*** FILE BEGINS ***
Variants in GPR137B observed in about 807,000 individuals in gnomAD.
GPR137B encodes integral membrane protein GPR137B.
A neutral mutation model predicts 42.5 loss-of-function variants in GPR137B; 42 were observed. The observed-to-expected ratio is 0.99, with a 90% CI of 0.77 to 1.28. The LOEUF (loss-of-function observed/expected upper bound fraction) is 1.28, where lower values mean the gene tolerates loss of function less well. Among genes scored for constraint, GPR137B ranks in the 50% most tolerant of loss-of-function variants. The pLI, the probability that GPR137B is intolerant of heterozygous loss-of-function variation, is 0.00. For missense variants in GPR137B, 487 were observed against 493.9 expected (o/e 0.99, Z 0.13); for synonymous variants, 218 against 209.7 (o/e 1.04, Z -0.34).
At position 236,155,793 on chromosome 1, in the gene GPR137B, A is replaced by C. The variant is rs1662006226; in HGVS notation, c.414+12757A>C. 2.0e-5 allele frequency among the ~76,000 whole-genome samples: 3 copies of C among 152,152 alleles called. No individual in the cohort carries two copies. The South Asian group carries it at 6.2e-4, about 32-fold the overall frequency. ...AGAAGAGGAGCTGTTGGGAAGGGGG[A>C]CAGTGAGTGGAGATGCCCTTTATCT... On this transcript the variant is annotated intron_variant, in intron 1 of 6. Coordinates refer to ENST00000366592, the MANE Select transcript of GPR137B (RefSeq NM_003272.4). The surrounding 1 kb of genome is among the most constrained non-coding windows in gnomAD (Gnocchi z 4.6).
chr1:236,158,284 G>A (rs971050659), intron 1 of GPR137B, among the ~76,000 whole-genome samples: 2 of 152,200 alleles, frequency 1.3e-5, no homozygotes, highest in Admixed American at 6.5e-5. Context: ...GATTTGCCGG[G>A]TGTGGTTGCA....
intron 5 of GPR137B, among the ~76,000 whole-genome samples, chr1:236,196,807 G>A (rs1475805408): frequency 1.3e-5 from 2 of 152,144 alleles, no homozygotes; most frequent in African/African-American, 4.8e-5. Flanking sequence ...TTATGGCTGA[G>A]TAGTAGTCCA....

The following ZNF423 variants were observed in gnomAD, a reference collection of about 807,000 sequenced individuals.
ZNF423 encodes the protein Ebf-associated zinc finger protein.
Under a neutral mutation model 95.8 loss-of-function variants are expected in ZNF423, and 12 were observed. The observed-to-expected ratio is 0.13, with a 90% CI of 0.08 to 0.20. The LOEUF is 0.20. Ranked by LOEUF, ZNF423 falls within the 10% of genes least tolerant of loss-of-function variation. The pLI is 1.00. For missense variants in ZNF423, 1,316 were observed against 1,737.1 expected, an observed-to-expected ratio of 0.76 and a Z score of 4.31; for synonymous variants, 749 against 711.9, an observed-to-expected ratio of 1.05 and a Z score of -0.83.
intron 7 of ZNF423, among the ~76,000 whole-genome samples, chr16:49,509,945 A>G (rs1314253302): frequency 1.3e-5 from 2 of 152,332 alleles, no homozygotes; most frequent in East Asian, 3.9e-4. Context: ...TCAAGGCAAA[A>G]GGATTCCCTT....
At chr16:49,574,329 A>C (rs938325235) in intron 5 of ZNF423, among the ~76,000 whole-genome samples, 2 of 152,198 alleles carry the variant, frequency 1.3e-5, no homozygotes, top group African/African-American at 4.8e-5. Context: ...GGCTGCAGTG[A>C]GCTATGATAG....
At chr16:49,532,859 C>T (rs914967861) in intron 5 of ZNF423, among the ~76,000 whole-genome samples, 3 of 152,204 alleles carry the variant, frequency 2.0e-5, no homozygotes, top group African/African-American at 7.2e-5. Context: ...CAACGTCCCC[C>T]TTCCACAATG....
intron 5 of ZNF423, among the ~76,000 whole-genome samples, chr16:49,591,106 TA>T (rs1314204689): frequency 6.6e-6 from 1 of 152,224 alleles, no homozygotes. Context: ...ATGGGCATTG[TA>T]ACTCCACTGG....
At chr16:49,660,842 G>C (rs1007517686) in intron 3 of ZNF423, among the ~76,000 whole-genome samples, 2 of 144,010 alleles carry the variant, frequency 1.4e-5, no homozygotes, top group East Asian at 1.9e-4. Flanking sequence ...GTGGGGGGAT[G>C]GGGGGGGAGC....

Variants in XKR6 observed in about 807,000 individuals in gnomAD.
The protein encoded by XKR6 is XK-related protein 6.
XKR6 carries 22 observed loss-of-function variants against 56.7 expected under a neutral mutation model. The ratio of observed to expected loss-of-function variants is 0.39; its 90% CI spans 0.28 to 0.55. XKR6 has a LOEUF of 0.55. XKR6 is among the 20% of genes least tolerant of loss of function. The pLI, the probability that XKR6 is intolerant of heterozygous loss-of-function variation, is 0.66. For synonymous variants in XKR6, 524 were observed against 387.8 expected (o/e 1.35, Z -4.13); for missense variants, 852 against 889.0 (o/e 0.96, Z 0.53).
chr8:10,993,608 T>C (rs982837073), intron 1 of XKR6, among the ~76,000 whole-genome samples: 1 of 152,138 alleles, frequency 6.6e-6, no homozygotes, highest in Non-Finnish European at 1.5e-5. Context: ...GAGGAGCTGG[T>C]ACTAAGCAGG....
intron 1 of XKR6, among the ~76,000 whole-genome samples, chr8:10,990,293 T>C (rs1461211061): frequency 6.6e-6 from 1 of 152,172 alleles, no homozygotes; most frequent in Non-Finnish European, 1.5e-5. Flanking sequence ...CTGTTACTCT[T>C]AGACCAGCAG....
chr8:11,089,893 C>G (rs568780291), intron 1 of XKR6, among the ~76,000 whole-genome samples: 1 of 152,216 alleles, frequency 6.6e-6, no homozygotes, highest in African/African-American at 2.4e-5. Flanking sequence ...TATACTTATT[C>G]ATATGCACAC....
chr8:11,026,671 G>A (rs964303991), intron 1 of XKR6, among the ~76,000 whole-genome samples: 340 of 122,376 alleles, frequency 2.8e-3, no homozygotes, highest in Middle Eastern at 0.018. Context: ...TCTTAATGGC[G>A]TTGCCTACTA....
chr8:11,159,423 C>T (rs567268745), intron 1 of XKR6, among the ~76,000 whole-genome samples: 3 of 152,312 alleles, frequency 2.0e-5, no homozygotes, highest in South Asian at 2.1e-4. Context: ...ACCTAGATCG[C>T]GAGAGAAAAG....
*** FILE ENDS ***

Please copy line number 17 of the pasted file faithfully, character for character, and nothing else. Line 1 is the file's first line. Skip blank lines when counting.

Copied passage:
XKR6 carries 22 observed loss-of-function variants against 56.7 expected under a neutral mutation model. The ratio of observed to expected loss-of-function variants is 0.39; its 90% CI spans 0.28 to 0.55. XKR6 has a LOEUF of 0.55. XKR6 is among the 20% of genes least tolerant of loss of function. The pLI, the probability that XKR6 is intolerant of heterozygous loss-of-function variation, is 0.66. For synonymous variants in XKR6, 524 were observed against 387.8 expected (o/e 1.35, Z -4.13); for missense variants, 852 against 889.0 (o/e 0.96, Z 0.53).